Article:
Artificial intelligence will be a powerful tool for border control agencies, but security must be built in at every level to protect privacy.
With the advent of artificial intelligence and machine learning, there are now many new tools available to help border control agencies identify potential criminals and predict criminal cargo shipping activity.
However, for each step forward, we should be wary of the impact to personal privacy. The data used to fuel these new systems—and the resulting intelligence reports—could be vulnerable to data breaches and other types of hostile hijackings.
Yet while these concerns are real, the tools themselves bring great value to law enforcement and border security. The ability to better target criminals by identifying suspicious patterns of behavior elevates the quality of border patrol work and enables better protection. Existing mechanisms, which involve rudimentary pattern matching, are sometimes effective but often yield way too many false leads.
New machine learning tools free up busy security agency personnel and allow them to spend more time stopping legitimate threats and less time pursuing false leads. These artificial intelligence-based systems have the ability to learn and improve through each analysis. If a border agent inspects a cargo shipment flagged as potentially risky and finds nothing, that result goes back into the system and the targeting algorithms are automatically updated to be more accurate.
The fact that machine learning uses massive amounts of data culled from local, state and federal agencies, social media, personal travel histories and police departments, raises the question about how the data—which is likely to include sensitive information like bank records and criminal histories—is amassed and stored. Extraordinary precautions must be taken to ensure that storage and access to the data fully complies with local and international laws. Cutting-edge security must be built into the very foundation of the network.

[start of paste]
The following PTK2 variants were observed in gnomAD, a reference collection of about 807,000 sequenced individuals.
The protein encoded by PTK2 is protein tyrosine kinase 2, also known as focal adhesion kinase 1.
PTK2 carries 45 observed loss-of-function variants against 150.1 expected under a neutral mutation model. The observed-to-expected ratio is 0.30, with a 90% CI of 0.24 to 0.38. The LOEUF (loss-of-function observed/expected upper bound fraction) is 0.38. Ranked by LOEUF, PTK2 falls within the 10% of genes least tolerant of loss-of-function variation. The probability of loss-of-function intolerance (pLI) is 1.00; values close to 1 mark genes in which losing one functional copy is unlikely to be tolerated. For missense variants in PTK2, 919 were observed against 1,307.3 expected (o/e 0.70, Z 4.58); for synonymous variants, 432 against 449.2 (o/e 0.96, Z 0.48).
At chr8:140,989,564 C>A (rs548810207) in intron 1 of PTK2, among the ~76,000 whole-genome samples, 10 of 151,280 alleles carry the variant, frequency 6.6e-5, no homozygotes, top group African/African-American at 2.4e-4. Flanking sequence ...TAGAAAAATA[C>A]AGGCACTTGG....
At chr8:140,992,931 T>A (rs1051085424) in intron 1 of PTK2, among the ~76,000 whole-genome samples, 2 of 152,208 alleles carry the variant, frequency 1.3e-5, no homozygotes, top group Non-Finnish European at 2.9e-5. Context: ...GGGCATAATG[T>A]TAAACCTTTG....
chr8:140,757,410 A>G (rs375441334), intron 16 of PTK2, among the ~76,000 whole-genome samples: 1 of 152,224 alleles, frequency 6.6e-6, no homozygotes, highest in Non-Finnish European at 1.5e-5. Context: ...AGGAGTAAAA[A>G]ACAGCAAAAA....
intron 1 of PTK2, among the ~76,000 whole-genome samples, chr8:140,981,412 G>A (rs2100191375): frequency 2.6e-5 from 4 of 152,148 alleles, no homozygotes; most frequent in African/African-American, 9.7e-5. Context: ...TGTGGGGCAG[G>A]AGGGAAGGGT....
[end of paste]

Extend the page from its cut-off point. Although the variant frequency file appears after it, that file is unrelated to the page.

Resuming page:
As we’ve seen many times in recent years, data can sometimes be accessed through third-party systems down the supply chain. To prevent unauthorized users from accessing the information, tools used by customs agents should have security design principles such as “deny by default” and “least privilege” built into their systemic DNA so that data is secure and used only for its intended purpose. There are four ways that this can be achieved:
Superior security can be achieved through microsegmentation of the system so trespassers encounter only smaller, compartmentalized environments. In other words, we can mask the broader environment—and hackers cannot hack data or networks they cannot see. This approach is far more secure than using traditional virtual local area networks and firewalls.
These networks must also have a multifactor authentication to verify that users are truly who they claim to be and give them access to only one port on an authorized server. This system will ensure the user is working from a device that is authorized to access the network, and it is critical to confirm that authorization before they can even see the servers. Finally, the system should also check for breaches before each interaction.
As important as regular vulnerability assessments and segmentation are, resilience must be built into the program in order to respond quickly when a breach does occur. A good example of a standard we should all follow is the European Union’s General Data Protection Regulation, which updates the rules for companies that collect, store or process large amounts of user information regarding citizens. While these EU regulations don’t concern data that is relevant to national security or law enforcement, they do set a standard we should all want to follow—e.g. “data protection by design.”
The Human Factor
Systems should always have human analysts making the ultimate decision so they can use plain old common sense. If a system flags a traveler who has taken regular flights with several different minors in the last year, a human should examine all evidence available to determine first if there is a potential legitimate reason or if they should be investigated further.
Intelligence analysis produced by AI tools will be a great step forward for border security agencies and for our safety. These technology tools hold the possibility of detecting and deterring criminals and threats that have slipped across borders without fear for years. However, the public will support the use the tools only if they are assured their personal data and privacy are protected. So ensuring these programs and networks are impregnable must be among our first responsibilities.
John Kendall is the director of the Border and National Security Program for the global public sector practice at Unisys.